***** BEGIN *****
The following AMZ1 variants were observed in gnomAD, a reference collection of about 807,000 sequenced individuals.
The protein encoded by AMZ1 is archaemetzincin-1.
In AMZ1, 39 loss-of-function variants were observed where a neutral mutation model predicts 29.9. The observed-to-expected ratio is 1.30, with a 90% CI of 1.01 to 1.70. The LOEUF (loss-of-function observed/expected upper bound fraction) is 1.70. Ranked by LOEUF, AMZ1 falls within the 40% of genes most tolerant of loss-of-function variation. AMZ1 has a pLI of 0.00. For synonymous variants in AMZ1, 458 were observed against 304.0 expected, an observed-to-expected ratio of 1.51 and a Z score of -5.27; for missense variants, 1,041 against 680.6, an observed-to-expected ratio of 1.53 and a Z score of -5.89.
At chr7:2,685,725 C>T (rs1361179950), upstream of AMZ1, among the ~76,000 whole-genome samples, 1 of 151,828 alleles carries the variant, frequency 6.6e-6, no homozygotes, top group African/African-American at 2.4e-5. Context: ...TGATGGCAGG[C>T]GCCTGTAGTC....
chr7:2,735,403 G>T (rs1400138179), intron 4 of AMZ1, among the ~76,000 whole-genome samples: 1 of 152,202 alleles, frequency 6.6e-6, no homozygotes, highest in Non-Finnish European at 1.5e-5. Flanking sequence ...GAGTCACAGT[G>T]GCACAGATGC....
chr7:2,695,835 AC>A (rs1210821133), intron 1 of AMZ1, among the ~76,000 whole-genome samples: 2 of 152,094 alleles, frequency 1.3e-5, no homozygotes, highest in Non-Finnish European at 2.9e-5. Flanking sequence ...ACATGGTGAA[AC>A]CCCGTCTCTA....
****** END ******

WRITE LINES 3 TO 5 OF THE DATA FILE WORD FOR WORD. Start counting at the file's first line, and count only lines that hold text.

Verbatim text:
In AMZ1, 39 loss-of-function variants were observed where a neutral mutation model predicts 29.9. The observed-to-expected ratio is 1.30, with a 90% CI of 1.01 to 1.70. The LOEUF (loss-of-function observed/expected upper bound fraction) is 1.70. Ranked by LOEUF, AMZ1 falls within the 40% of genes most tolerant of loss-of-function variation. AMZ1 has a pLI of 0.00. For synonymous variants in AMZ1, 458 were observed against 304.0 expected, an observed-to-expected ratio of 1.51 and a Z score of -5.27; for missense variants, 1,041 against 680.6, an observed-to-expected ratio of 1.53 and a Z score of -5.89.
At chr7:2,685,725 C>T (rs1361179950), upstream of AMZ1, among the ~76,000 whole-genome samples, 1 of 151,828 alleles carries the variant, frequency 6.6e-6, no homozygotes, top group African/African-American at 2.4e-5. Context: ...TGATGGCAGG[C>T]GCCTGTAGTC....
chr7:2,735,403 G>T (rs1400138179), intron 4 of AMZ1, among the ~76,000 whole-genome samples: 1 of 152,202 alleles, frequency 6.6e-6, no homozygotes, highest in Non-Finnish European at 1.5e-5. Flanking sequence ...GAGTCACAGT[G>T]GCACAGATGC....